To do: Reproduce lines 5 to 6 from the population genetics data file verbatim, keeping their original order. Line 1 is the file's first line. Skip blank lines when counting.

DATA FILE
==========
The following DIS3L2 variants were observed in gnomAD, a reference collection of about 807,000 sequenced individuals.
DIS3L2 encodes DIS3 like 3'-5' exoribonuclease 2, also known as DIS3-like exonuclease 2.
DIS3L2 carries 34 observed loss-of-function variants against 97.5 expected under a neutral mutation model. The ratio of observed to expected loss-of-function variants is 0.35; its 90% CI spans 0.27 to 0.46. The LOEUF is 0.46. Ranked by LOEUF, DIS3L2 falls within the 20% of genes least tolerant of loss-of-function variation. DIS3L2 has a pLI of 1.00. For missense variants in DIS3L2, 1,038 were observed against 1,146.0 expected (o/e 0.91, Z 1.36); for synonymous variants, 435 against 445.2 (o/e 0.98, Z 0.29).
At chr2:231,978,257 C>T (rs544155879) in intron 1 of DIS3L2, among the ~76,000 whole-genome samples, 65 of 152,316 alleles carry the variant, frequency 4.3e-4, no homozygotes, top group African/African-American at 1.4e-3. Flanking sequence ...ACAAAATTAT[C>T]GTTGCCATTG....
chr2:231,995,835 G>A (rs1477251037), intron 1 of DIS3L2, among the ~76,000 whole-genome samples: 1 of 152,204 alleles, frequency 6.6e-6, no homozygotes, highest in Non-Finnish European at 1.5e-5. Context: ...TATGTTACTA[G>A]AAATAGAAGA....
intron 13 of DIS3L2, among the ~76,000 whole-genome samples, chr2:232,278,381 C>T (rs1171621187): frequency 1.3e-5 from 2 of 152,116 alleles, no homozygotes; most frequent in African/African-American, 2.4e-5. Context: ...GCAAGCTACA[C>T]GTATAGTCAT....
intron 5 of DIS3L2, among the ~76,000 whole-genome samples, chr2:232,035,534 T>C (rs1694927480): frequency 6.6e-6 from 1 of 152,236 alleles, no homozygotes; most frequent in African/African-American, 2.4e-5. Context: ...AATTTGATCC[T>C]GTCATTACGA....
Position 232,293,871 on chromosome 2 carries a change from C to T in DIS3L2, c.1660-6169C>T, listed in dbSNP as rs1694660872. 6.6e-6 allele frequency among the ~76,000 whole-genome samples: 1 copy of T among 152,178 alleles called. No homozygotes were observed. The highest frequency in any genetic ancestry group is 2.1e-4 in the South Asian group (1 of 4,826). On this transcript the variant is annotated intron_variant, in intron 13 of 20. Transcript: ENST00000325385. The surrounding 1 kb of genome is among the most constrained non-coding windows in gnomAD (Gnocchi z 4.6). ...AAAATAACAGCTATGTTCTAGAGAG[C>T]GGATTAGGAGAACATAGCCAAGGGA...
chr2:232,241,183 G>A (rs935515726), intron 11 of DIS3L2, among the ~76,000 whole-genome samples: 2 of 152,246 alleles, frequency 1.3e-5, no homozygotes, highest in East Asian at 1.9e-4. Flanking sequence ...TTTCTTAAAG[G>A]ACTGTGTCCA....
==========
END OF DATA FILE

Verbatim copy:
chr2:231,995,835 G>A (rs1477251037), intron 1 of DIS3L2, among the ~76,000 whole-genome samples: 1 of 152,204 alleles, frequency 6.6e-6, no homozygotes, highest in Non-Finnish European at 1.5e-5. Context: ...TATGTTACTA[G>A]AAATAGAAGA....
intron 13 of DIS3L2, among the ~76,000 whole-genome samples, chr2:232,278,381 C>T (rs1171621187): frequency 1.3e-5 from 2 of 152,116 alleles, no homozygotes; most frequent in African/African-American, 2.4e-5. Context: ...GCAAGCTACA[C>T]GTATAGTCAT....